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The Booming Cannabis Industry Is Still Leaving Black Americans Behind, and That’s a Problem

More than two decades after states began legalizing cannabis, researchers and advocates say they’re noticing that Black people have been largely shut out from making money in the burgeoning marijuana industry.

The legalized marijuana market is expected to reach $43 billion by 2025, according to cannabis market research firm New Frontier Data. As part of that growth, New Frontier Data researchers estimate 5.4 million Americans will be registered marijuana patients, a 2.4 percent increase from 2021.

California Street Cannabis Company owner Drakari Donaldson (Photo from Facebook)

Part of the reason Blacks haven’t done so well in the growing cannabis industry is because it costs too much money to open a dispensary, advocates told Finurah. Another reason is because states have passed faulty legislation that either caps or blurs the line on who can get a license to sell, the advocates said.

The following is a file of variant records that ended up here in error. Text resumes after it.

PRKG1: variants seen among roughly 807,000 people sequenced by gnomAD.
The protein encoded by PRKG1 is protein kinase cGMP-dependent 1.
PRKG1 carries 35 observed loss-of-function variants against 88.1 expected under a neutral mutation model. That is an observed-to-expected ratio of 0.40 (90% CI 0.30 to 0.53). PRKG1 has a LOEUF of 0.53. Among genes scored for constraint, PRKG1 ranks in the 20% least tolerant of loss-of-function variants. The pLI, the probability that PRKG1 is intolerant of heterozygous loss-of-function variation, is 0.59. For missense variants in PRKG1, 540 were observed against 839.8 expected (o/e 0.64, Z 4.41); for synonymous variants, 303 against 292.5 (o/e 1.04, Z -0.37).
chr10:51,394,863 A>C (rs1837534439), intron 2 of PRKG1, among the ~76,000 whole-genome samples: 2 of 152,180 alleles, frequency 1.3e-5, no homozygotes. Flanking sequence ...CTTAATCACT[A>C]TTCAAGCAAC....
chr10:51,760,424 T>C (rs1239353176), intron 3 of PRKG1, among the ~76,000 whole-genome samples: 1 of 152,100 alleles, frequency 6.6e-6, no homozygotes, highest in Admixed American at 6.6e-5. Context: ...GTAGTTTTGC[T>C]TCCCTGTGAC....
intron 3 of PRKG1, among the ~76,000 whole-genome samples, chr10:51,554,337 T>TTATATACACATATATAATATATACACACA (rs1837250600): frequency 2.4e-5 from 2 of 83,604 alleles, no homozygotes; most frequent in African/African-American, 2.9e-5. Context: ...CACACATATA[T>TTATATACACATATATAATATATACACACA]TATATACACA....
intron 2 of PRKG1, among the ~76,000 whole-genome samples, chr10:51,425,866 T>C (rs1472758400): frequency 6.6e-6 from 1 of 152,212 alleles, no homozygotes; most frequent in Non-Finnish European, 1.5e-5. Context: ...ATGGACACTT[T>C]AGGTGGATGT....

“The two reasons that Black entrepreneurs are not just blowing up and starting cannabis businesses left and right is historical disadvantages and bureaucrat challenges on the local and state level,” said Laura Herrera, an independent cannabis consultant who also does research for the University of California Berkeley.

California was first to legalize medical marijuana in 1996. Colorado legalized it for recreational use — a national first — in 2012. Since then, 37 states have legalized medical marijuana and 18 have approved it for recreational use.

Whitney Beatty and Ebony Andersen of Josephine & Billie’s (Photo from Instagram)

As more states approved cannabis, industry insiders said they expected more Blacks to be released from jail for selling marijuana and more Black people pursuing careers in the field. That hasn’t been the case, experts said.

Industry observers say there is a growing disparity between Black and white Americans entering the business. About 80 percent of cannabis business owners and founders were white, a 2017 Marijuana Business Daily survey found. About 4 percent of those owners were Black.

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